The following 2 hours talks about the stereotype of the “good Asian american”, continued immigration struggles, cultural and political awakenings, the “Asian” identity in times of war (Korean War/Vietnam War), and Asian American movement.  What I didn’t know was this “Chinese Confession Program” where fear of Communism spurred investigations into illegal Chinese immigrants.  Illegal because they paid for fake paperwork in order to post as a citizen’s son… similar to what you might here today regarding Green Card Marriages.  What I also didn’t know is the immigration flow of Asians really started in 1965 after many of the illegal racist exclusion laws were repealed.  Known as the Immigration and Nationality Act of 1965, one key aspect of the law allowed new immigrants to enter and gain citizenship via the “specialized skills” and allowing those who have citizenship to sponsor relatives for immigration.  I think the unintended consequence (it’s a fascinating quick read but it is left leaning) of the law was the massive migration from Hispanic and Asian countries into the US.  This literally changes the demographics of America.  Have you heard of the term “Minority Majority“?  It’s basically a term where no ethnic group will represent US as a majority sometime around 2050.

The last hour starts out with the race relations surrounding the LA riots, transitioning into the future of immigration and ending in some sort of positive note.  Regarding the riots, I remember seeing TV footage of the riots as well as clips of the Rodney King trial as a kid.  I didn’t know what was happening but I remember that a lot of Asian parents where I was growing up were closely monitoring the situation.  Growing up, I always thought the riots in Koreatown were related to the Rodney King verdict.  It never really occurred to me that race relations between Blacks and Korean Americans were so tense at the time.  This documentary revealed one of the sparks of the tension to stem from the killing of Latasha Harlins.  In a dramatic shift from race relation into immigration, the last half hour of the show discusses some of the recent immigration issues such as DACA. Apparently DACA was first proposed back in 2001 as the DREAM Act.  That’s 19 years ago.  And now we are in 2020.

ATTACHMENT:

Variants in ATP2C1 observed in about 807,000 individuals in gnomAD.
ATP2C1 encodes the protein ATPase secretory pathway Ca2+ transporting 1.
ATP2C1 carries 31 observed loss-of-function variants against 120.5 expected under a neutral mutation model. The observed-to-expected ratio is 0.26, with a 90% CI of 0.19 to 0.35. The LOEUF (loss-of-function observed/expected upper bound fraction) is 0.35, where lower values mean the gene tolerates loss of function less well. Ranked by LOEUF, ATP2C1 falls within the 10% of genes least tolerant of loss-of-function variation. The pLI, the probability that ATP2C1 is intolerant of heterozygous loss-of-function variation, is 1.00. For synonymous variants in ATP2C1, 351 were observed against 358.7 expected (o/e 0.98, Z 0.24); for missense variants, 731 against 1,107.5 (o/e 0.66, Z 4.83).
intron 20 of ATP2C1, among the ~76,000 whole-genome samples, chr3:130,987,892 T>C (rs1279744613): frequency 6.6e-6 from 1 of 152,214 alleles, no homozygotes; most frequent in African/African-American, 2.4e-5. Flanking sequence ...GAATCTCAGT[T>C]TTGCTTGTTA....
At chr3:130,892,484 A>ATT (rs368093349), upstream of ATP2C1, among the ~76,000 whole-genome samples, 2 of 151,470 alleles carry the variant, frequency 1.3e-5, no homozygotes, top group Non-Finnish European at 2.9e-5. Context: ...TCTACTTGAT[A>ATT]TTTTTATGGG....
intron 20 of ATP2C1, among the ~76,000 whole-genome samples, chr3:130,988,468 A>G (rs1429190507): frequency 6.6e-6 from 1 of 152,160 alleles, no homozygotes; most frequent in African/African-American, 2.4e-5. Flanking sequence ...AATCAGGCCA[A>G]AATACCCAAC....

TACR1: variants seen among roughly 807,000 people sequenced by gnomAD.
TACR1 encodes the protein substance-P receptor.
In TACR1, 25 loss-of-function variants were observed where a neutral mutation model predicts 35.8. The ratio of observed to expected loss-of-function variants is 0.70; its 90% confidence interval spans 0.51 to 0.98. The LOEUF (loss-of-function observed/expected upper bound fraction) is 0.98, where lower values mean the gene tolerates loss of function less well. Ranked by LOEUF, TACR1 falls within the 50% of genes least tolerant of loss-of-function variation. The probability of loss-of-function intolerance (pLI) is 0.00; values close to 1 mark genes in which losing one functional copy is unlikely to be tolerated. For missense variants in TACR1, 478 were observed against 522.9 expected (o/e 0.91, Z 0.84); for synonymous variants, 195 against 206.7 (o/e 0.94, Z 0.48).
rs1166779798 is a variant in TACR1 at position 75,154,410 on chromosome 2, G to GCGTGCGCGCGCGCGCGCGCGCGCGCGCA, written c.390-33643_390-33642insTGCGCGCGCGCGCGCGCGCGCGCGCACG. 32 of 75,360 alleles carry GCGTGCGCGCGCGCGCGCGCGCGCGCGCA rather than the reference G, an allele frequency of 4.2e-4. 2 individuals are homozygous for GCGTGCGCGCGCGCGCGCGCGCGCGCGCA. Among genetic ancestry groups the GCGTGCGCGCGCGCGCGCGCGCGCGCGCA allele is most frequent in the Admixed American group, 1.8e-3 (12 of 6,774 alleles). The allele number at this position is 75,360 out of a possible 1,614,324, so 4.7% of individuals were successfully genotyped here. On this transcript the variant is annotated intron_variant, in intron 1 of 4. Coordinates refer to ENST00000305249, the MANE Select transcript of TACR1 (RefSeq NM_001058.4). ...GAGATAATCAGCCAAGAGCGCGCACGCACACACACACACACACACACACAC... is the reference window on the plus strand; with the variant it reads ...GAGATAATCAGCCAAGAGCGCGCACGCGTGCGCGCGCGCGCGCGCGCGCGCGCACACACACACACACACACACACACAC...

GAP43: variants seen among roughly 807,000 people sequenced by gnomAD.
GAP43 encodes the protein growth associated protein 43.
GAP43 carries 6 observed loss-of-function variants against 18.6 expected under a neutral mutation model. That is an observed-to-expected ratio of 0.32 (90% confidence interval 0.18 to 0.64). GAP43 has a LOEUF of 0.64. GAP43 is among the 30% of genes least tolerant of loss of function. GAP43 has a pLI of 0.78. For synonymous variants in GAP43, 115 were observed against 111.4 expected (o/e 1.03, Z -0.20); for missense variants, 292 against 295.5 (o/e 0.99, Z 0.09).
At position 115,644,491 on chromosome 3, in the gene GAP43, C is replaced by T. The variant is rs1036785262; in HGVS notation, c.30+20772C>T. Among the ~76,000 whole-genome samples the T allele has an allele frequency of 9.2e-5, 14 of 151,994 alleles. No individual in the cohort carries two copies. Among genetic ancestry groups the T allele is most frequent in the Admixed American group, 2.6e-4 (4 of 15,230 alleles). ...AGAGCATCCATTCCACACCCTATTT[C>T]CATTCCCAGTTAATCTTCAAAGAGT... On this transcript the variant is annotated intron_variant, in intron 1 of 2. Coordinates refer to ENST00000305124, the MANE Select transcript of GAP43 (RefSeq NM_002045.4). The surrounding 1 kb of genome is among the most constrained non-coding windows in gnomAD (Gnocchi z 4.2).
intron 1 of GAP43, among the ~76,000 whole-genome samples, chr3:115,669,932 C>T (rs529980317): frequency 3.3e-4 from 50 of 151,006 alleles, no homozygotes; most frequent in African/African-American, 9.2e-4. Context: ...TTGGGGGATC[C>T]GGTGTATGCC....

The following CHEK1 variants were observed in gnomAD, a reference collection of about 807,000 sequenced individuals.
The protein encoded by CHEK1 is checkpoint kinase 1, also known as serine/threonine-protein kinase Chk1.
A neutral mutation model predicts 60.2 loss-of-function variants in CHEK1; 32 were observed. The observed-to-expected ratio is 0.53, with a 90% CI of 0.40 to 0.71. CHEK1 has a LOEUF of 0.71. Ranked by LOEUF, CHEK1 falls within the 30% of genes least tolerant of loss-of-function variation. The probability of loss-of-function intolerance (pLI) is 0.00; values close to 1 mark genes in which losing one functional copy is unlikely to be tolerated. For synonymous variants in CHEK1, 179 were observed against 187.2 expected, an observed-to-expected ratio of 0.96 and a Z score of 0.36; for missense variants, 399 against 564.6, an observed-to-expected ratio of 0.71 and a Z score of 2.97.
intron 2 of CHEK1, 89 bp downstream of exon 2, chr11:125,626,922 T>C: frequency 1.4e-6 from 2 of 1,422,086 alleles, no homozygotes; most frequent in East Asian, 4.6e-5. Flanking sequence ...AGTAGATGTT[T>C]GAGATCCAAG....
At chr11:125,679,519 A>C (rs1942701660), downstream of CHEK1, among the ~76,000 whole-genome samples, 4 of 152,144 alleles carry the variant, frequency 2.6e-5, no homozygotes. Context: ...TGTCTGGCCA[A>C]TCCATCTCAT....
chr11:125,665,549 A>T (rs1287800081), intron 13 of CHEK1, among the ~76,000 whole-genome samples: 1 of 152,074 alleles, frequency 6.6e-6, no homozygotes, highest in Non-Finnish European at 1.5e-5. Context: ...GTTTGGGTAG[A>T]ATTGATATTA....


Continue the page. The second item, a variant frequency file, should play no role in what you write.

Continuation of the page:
If viewers achieve any insight after watching this documentary, I would hope that being a student of history is as important as being a student of morality.  Watching the documentary, I was struck how “fear” drove people to act irrationally: losing jobs to immigrants; losing the cultural identity to foreign cultures; and distrusting those that don’t look like yourself.  Yes this last one also applies to immigrants too.  But recognizing fear is just a first step to healing and educating those who are afraid.  We need more people who have the courage to stand up and become the voice of reason.  Or at the very least, a voice that forces people to stop and think.

Frank Abagnale at Google

The first  time I heard about Frank Abagnale was for a book report in 9th grade English (I think I got a B+?).  Since then, he’s had a movie produced about him and a Broadway musical too.  Google invited him to speak a few years ago.  Listening his story is pretty fascinating.  But I think the Q&A portion is much more interesting since two of the topics he discussed are very relevant today.

Here’s the full talk.

Age of AI

Artificial Intelligence is an area of huge scientific advancement, wonder and personal interest.  This includes automation, computers that mimic the cognitive thinking process, and machine learning.  This 2-hour PBS documentary about AI reports on on the current state of AI… both the benefits and harms from utilizing the technology.  Discussion includes productivity and wealth impacts; privacy concerns (surveillance); economic effects (job loss/creation); machine learning benefits (early cancer detection); and political and social impacts.

 

As all documentaries go,  the show looks at what is in store for the future and more importantly how to use AI for civilization’s benefit.

 

Frontline PBS Documentaries

I recently noticed Frontline PBS put out documentaries on YouTube.  I’m not sure how long they’ve been doing these documentaries but it only recently popped up on my YouTube suggestions.  This documentary about Jeff Bezos and Amazon is pretty interesting.  It’s worth a listen if you have 2 hours.

 

 

Netflix Explains COVID-19

Netflix has a new documentary on what is COVID-19 disease.  It’s a nice synopsis of everything the scientists currently know about the disease COVID-19 as well as the SARS-COV-2 virus that causes this disease.  And… there’s still a lot the scientists do not know.  If you still don’t think this pandemic is not “really that bad” and you want to “open up for business,”  this should be a mandatory watch for all of you.  I hope you change your mind after this.

However if you insist on still wanting to get out and open for business, please do everyone a favor and decline ANY AND ALL medical attention.  If you openly defy sound scientific advice, then naturally you should also not seek these scientific based medical attention that could save your life.  After all, the limited resources should be going to those essential workers (healthcare, grocery, restaurant workers) who were taking all the necessary precautions and were infected by the dummies who believed their freedoms were being “trampled on.”

There is no freedom from death.  There is no freedom when dead.

Asian Enough Podcast

To have LA Times support a podcast called Asian Enough where celebrity Asian Americans are interviewed about their unique experience and background while growing up Asian American is very remarkable.  It’s very refreshing to hear how these Asian celebrities describe their childhood difficulties of not being American enough in US while simultaneously not being Asian enough from their country of cultural origin.  Doesn’t that sound familiar?